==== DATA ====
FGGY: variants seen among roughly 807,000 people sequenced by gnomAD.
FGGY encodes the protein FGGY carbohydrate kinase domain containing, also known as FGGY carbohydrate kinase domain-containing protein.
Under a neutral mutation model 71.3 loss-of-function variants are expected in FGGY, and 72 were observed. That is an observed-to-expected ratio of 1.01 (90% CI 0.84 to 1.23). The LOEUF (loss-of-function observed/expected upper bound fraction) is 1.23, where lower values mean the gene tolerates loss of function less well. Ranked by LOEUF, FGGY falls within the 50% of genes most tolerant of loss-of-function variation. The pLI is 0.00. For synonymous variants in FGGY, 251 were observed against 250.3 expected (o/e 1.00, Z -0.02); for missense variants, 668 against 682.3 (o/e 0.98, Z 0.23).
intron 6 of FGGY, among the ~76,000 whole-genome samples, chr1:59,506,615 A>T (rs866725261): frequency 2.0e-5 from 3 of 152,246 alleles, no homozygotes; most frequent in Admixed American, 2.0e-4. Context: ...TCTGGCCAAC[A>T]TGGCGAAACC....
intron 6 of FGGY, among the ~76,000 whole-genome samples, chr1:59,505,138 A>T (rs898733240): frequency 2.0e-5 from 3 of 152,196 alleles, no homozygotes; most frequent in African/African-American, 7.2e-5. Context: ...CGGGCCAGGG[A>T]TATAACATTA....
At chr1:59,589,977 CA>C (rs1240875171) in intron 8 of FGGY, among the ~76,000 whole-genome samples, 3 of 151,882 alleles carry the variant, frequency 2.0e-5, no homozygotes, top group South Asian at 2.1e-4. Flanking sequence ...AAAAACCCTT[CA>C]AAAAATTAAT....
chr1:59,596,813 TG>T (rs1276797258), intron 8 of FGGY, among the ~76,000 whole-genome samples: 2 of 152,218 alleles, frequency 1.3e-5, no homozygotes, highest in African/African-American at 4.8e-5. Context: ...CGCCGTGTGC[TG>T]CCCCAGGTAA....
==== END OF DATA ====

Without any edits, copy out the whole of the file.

FGGY: variants seen among roughly 807,000 people sequenced by gnomAD.
FGGY encodes the protein FGGY carbohydrate kinase domain containing, also known as FGGY carbohydrate kinase domain-containing protein.
Under a neutral mutation model 71.3 loss-of-function variants are expected in FGGY, and 72 were observed. That is an observed-to-expected ratio of 1.01 (90% CI 0.84 to 1.23). The LOEUF (loss-of-function observed/expected upper bound fraction) is 1.23, where lower values mean the gene tolerates loss of function less well. Ranked by LOEUF, FGGY falls within the 50% of genes most tolerant of loss-of-function variation. The pLI is 0.00. For synonymous variants in FGGY, 251 were observed against 250.3 expected (o/e 1.00, Z -0.02); for missense variants, 668 against 682.3 (o/e 0.98, Z 0.23).
intron 6 of FGGY, among the ~76,000 whole-genome samples, chr1:59,506,615 A>T (rs866725261): frequency 2.0e-5 from 3 of 152,246 alleles, no homozygotes; most frequent in Admixed American, 2.0e-4. Context: ...TCTGGCCAAC[A>T]TGGCGAAACC....
intron 6 of FGGY, among the ~76,000 whole-genome samples, chr1:59,505,138 A>T (rs898733240): frequency 2.0e-5 from 3 of 152,196 alleles, no homozygotes; most frequent in African/African-American, 7.2e-5. Context: ...CGGGCCAGGG[A>T]TATAACATTA....
At chr1:59,589,977 CA>C (rs1240875171) in intron 8 of FGGY, among the ~76,000 whole-genome samples, 3 of 151,882 alleles carry the variant, frequency 2.0e-5, no homozygotes, top group South Asian at 2.1e-4. Flanking sequence ...AAAAACCCTT[CA>C]AAAAATTAAT....
chr1:59,596,813 TG>T (rs1276797258), intron 8 of FGGY, among the ~76,000 whole-genome samples: 2 of 152,218 alleles, frequency 1.3e-5, no homozygotes, highest in African/African-American at 4.8e-5. Context: ...CGCCGTGTGC[TG>T]CCCCAGGTAA....